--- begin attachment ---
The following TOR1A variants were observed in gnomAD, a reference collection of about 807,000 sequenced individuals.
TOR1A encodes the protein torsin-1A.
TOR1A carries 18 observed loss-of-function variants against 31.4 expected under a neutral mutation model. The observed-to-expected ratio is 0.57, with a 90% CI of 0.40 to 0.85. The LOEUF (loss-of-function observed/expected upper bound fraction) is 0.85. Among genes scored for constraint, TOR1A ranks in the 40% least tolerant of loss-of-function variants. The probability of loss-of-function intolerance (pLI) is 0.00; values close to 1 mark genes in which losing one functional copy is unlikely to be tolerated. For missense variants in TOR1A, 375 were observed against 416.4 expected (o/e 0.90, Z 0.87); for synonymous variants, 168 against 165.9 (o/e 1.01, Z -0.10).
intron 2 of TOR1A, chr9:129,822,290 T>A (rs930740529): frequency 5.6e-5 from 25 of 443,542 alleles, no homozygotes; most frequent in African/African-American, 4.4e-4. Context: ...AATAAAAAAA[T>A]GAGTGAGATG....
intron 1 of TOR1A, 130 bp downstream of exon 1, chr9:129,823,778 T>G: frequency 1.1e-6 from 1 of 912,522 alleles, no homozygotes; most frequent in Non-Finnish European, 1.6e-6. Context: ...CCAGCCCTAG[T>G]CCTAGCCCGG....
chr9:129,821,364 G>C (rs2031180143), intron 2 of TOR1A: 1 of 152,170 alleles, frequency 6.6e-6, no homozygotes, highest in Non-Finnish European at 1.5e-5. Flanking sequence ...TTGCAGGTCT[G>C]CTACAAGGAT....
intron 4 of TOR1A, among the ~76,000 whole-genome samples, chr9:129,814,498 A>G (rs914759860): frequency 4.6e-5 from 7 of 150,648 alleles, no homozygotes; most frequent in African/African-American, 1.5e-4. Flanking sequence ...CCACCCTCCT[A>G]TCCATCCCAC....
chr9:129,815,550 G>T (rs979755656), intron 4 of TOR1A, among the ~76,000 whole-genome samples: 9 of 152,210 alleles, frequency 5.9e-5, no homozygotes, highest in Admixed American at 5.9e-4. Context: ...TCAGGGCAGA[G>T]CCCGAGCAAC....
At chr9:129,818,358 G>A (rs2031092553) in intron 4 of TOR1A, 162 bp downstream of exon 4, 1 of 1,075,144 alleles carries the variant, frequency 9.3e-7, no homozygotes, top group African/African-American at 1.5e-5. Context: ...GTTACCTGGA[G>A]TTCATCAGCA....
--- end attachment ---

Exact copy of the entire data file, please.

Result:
The following TOR1A variants were observed in gnomAD, a reference collection of about 807,000 sequenced individuals.
TOR1A encodes the protein torsin-1A.
TOR1A carries 18 observed loss-of-function variants against 31.4 expected under a neutral mutation model. The observed-to-expected ratio is 0.57, with a 90% CI of 0.40 to 0.85. The LOEUF (loss-of-function observed/expected upper bound fraction) is 0.85. Among genes scored for constraint, TOR1A ranks in the 40% least tolerant of loss-of-function variants. The probability of loss-of-function intolerance (pLI) is 0.00; values close to 1 mark genes in which losing one functional copy is unlikely to be tolerated. For missense variants in TOR1A, 375 were observed against 416.4 expected (o/e 0.90, Z 0.87); for synonymous variants, 168 against 165.9 (o/e 1.01, Z -0.10).
intron 2 of TOR1A, chr9:129,822,290 T>A (rs930740529): frequency 5.6e-5 from 25 of 443,542 alleles, no homozygotes; most frequent in African/African-American, 4.4e-4. Context: ...AATAAAAAAA[T>A]GAGTGAGATG....
intron 1 of TOR1A, 130 bp downstream of exon 1, chr9:129,823,778 T>G: frequency 1.1e-6 from 1 of 912,522 alleles, no homozygotes; most frequent in Non-Finnish European, 1.6e-6. Context: ...CCAGCCCTAG[T>G]CCTAGCCCGG....
chr9:129,821,364 G>C (rs2031180143), intron 2 of TOR1A: 1 of 152,170 alleles, frequency 6.6e-6, no homozygotes, highest in Non-Finnish European at 1.5e-5. Flanking sequence ...TTGCAGGTCT[G>C]CTACAAGGAT....
intron 4 of TOR1A, among the ~76,000 whole-genome samples, chr9:129,814,498 A>G (rs914759860): frequency 4.6e-5 from 7 of 150,648 alleles, no homozygotes; most frequent in African/African-American, 1.5e-4. Flanking sequence ...CCACCCTCCT[A>G]TCCATCCCAC....
chr9:129,815,550 G>T (rs979755656), intron 4 of TOR1A, among the ~76,000 whole-genome samples: 9 of 152,210 alleles, frequency 5.9e-5, no homozygotes, highest in Admixed American at 5.9e-4. Context: ...TCAGGGCAGA[G>T]CCCGAGCAAC....
At chr9:129,818,358 G>A (rs2031092553) in intron 4 of TOR1A, 162 bp downstream of exon 4, 1 of 1,075,144 alleles carries the variant, frequency 9.3e-7, no homozygotes, top group African/African-American at 1.5e-5. Context: ...GTTACCTGGA[G>A]TTCATCAGCA....